Three ages of Summer: Pat Kinevane

Three ages of Summer: Pat Kinevane

Childhood

As a child summertime – from the age of six until I left school – was about picking potatoes down in Cobh. The minute we finished school you went out and you worked on the farms for the whole summer – out in the fields, picking potatoes or thinning turnips or weeding onions. It was brilliant. You spent all your time outdoors and you were working constantly.

You’d have a laugh, especially picking potatoes, because the tractor would come around maybe every 15 or 20 minutes. It would dig the drill and if you did your work quickly on your stretch you’d be sitting around and be messing.

Somebody might have a transistor radio playing or people would be playing cards or throwing potatoes at each other.

I remember – I was only a kid – and there was a very hot summer. I remember it being blisteringly hot – like last summer.

We were all burnt. I remember dosing ourselves in Kaolin lotion and the farmers coming out with buckets and sprays of water, spraying us to try and keep us cool. We were covered in water. It was crazy. I’ll never forget the sensation of it. Everyone being constantly sprayed with water. It reminds me of Paris a few weeks ago where people were throwing water over each other.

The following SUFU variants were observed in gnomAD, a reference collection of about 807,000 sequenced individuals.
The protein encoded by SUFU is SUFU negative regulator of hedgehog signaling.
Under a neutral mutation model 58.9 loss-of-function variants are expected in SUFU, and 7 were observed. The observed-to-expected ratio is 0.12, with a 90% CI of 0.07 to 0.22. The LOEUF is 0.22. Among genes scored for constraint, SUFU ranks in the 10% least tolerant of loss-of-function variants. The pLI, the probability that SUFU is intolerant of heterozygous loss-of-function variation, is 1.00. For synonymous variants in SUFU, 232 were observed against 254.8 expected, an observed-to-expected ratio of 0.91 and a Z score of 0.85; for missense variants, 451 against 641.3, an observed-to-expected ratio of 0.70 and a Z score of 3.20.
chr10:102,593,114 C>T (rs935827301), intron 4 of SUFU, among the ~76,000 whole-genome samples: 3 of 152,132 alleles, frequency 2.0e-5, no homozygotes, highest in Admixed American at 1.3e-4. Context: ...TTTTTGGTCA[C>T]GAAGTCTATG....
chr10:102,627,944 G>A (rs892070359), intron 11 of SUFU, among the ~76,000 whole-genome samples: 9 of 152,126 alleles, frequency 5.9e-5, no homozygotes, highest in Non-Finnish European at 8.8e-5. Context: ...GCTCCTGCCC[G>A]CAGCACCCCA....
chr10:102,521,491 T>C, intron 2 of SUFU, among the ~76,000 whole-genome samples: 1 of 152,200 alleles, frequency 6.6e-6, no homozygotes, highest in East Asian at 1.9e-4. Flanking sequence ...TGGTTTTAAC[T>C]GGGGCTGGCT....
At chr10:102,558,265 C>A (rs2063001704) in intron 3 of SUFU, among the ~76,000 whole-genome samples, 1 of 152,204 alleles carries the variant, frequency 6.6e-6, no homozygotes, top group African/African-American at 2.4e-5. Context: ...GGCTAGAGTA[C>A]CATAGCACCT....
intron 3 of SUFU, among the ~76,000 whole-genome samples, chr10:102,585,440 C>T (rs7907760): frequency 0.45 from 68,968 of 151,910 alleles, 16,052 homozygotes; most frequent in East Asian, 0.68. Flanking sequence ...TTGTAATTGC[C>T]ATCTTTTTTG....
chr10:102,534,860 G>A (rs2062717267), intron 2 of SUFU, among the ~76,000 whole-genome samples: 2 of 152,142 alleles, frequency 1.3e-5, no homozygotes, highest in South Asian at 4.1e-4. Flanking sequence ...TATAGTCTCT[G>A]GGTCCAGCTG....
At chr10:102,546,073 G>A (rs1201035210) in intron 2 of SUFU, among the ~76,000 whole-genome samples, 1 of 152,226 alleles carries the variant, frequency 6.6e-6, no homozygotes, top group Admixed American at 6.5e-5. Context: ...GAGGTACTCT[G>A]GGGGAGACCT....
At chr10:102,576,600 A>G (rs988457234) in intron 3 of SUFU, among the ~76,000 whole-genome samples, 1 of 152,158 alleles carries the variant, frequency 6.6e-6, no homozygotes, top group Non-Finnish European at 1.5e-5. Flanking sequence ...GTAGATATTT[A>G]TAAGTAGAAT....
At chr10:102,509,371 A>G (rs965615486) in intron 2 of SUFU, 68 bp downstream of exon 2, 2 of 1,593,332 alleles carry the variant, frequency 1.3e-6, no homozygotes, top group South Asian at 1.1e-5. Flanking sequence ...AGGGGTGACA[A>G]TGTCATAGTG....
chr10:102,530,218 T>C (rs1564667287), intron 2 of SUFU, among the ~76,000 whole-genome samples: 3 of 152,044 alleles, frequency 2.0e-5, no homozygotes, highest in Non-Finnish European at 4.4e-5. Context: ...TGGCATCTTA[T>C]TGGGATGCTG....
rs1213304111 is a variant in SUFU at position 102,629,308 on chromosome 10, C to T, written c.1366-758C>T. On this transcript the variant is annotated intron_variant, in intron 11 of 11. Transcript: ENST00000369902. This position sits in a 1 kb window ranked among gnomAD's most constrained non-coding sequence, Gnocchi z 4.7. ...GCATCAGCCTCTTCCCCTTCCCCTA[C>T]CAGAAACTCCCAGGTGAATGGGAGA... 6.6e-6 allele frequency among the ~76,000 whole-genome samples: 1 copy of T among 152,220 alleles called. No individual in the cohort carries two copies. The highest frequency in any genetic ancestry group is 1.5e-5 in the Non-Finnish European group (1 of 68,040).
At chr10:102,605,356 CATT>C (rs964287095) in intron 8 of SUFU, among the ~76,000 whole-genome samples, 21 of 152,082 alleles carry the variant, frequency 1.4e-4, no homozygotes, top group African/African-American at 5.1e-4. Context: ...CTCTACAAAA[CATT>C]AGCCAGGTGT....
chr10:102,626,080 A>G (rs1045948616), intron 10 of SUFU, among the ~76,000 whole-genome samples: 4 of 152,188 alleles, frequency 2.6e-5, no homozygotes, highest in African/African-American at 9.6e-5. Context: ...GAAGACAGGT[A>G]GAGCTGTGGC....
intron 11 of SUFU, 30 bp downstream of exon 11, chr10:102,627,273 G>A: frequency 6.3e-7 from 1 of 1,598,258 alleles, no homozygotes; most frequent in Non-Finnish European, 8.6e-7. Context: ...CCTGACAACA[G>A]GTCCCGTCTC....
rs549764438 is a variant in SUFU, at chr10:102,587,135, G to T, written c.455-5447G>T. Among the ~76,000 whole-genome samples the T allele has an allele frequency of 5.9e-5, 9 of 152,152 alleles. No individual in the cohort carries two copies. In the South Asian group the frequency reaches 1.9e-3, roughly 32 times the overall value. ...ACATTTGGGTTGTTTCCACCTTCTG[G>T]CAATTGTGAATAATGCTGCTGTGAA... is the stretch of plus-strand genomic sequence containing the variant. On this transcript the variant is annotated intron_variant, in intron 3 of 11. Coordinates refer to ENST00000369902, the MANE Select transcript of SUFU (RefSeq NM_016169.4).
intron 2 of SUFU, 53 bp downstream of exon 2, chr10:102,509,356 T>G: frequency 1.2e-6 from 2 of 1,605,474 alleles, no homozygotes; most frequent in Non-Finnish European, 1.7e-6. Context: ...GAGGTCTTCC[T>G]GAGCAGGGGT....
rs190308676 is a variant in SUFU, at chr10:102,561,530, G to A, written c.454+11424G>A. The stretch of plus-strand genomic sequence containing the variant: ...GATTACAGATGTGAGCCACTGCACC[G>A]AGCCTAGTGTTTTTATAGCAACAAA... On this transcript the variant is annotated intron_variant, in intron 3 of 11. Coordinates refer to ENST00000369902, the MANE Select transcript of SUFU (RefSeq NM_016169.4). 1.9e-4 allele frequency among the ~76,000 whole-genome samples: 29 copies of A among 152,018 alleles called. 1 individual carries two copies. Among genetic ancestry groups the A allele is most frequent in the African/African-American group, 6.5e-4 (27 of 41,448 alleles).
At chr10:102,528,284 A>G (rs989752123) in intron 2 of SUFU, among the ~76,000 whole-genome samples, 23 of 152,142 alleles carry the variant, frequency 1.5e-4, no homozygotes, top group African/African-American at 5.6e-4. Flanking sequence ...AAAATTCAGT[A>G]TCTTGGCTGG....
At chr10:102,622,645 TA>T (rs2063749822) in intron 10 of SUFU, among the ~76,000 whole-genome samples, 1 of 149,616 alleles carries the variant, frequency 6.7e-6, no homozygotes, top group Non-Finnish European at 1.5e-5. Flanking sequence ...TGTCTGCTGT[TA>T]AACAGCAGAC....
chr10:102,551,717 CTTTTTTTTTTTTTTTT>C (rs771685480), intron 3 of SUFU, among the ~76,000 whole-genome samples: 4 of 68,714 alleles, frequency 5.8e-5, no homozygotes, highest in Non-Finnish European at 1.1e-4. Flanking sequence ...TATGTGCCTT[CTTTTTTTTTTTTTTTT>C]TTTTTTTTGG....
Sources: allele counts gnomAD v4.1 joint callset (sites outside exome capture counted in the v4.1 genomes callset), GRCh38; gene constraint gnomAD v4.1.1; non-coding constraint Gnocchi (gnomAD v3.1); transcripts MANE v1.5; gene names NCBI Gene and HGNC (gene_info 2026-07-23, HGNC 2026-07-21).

Young Adulthood

“Thumbing” is my memory. I was working up the country in the post office in my late teens. I used to “thumb” every weekend, particularly during the summer. It was the most natural thing in the world. You’d be out at Newland’s Cross, or anywhere in Dublin, and you’d thumb home to Cork. When you think about it – it was mad.

All my friends did it. There was no way you’d spend your wages on a bus or a train.

You’d do a sign on a piece of cardboard with “Cork” written on it. Most of the time I’d get a direct lift to Cork, but if not it would be somebody going to Portlaoise or Abbeyleix. You’d get off and start “thumbing” again.

If I was on my holidays I would “thumb” to where ever I was going – to Athlone or to Limerick to see my cousins. I remember some fella singing to me in the car. I don’t know whether he did it for a living or not. At the start it was funny but then it got really uncomfortable because he started to sing Tom Jones songs to me. He was brilliant, but it just went on and on. When you hear It’s Not Unusual about 20 times. I remember thinking: just get me home to Cobh Cross.

Today

The summer for me now is the garden. I’m not good at vegetables or that but I love my shrubs and my flowers. I lock away in the garden.

I’m away from it now [performing in Edinburgh] and I miss my garden. It’s a total haven. It’s sacred to me. I’ve most of the heavy work done before the summer so that I can really enjoy it. I’d do a bit of dead-heading – like, say, taking off old blossoms on a flower – during the day.

Usually I’d do about half an hour, tipping away, and that’s really good for my head. After that it’s reading or writing in the garden.

My best buddy lives across the road. He’s got his back garden as well. We kind of encourage each other about plants and stuff. He’s got a bar in his garden. It’s like a little hacienda. Mine is more artistic-y; his is more like a holiday in Brazil. I’d have music going with a speaker and Bluetooth. A bit of Kath Bush in the garden – you can’t beat it.

- Interview by Richard Fitzpatrick

Cobh actor Pat Kinevane is performing his play Before at the Edinburgh Fringe Festival until Sunday, Aug 25. He was awarded a Herald Archangel Award for his contribution to the festival over the years

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